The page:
Experts have been predicting for years that we are steadily moving into a growing war for talent. Labor shortages in mature markets are causing companies to scramble to innovate to meet the demands of their businesses. And yet, with over 40 million people unemployed globally, it’s hard to imagine that we are at a deficit of talent.
With increased outsourcing to emerging markets, dramatic shifts in global economies, and rapid transitions in technology, we’re already seeing a greater need for highly skilled workers and leadership the demands of which are showing to not be met.
There is lots of solid data to back up the looming talent shortage threat, however, there are arguments to be made that the talent shortage is all in the eye of the beholder, and it is a hole that business has dug itself into and is now making excuses rather than adapting to the changes.
Some believe that during the years of a booming economy, companies added excessive headcount and specialty positions. And, when the economy took a nosedive, it became even easier to pile on skill requirements to narrow down the applicant pools to an ideal candidate versus taking a realistic view of who in the workforce could readily do the job.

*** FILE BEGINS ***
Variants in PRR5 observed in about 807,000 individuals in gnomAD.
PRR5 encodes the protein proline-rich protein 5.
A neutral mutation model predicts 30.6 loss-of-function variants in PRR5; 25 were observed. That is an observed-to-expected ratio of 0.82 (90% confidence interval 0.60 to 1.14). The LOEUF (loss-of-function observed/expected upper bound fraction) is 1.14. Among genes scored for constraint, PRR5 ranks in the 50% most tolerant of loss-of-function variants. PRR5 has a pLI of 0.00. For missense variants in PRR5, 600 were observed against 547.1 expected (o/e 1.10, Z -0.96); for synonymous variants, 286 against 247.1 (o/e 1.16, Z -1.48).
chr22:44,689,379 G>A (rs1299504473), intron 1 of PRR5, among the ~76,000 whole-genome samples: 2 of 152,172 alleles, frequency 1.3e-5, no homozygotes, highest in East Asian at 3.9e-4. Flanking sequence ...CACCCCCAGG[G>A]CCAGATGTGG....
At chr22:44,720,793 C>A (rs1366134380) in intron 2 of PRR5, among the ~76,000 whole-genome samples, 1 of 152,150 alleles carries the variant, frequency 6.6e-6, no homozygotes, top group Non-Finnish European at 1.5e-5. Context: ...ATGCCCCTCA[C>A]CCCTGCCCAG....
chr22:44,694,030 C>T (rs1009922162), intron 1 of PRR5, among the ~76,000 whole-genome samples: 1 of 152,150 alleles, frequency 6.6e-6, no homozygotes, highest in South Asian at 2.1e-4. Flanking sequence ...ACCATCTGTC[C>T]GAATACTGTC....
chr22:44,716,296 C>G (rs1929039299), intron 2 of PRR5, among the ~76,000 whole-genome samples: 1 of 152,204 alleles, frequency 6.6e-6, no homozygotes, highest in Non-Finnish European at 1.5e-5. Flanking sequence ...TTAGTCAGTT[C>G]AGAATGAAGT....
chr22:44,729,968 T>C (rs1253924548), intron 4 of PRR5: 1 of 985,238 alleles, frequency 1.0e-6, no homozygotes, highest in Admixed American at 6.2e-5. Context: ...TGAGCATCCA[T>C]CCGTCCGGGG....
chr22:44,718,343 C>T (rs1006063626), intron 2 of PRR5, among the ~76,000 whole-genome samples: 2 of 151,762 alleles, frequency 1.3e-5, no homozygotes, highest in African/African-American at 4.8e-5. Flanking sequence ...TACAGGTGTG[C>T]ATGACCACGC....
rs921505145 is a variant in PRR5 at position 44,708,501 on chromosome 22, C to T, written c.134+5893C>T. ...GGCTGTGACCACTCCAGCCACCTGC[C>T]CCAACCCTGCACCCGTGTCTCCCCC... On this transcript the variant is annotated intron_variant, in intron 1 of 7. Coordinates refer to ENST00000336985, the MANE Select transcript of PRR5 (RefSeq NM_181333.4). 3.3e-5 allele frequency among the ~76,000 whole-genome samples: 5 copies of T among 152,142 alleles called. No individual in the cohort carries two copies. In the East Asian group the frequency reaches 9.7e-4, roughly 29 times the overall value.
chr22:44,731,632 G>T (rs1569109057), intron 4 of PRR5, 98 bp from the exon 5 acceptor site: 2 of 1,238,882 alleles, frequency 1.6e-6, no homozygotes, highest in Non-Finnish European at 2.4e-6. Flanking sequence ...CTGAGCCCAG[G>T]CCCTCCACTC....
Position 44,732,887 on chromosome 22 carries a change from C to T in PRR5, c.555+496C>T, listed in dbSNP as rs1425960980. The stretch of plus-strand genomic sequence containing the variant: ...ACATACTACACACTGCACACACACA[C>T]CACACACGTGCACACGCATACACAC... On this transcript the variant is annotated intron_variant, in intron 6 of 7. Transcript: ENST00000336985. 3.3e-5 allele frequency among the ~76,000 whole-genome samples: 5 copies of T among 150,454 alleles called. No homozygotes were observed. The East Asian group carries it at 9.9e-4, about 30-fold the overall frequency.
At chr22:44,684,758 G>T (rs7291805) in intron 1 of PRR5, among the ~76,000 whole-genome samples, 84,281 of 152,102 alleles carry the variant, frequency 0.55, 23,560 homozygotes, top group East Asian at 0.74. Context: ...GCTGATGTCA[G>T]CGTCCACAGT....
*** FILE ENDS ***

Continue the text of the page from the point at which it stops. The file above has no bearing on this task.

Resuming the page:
With so many job seekers out of work, there’s also claim that HR departments and recruiters are consistently overlooking qualified candidates due to a myriad of reasons including (but not limited to): job postings that are too vague or overly specific, poor communication between hiring managers and recruiters, and job seekers not versed in resume building or applications because they haven’t had to look for a job in years.
One might argue that business is lagging in adapting to its own demands and is using the ‘talent shortage’ as an excuse for not having the means to move forward. And, yet, companies that are willing to re-train, re-evaluate, and be more flexible with their workforce are reaping the benefits and staying ahead of the curve.
But, we also can’t deny the major shifts that have hit our global economies over the past few years. As well, the effects of new technology disrupting industry after industry will only continue to multiply and shift our workforce and its demands.
Which side do you lean towards? Is there a talent shortage ahead or is business failing to utilize the talent at hand with 40 million people currently unemployed globally?
Will there be a talent shortage or a talent surplus? Vote in this week’s birdfeud, and share your thoughts in the comment section below.
Robin L. Rayburn is the Editor & General Manager of Interviewing.com. Robin was introduced to the recruitment industry in 2007 and her passion for people has never let her stray far from it since. In her spare time she manages her blog, RestlessPillow.com, tweets from @interviewingcom and @chitowntexan, and is always striving to help those around her who have a vision for success. You can also find Robin on LinkedIn and Google+.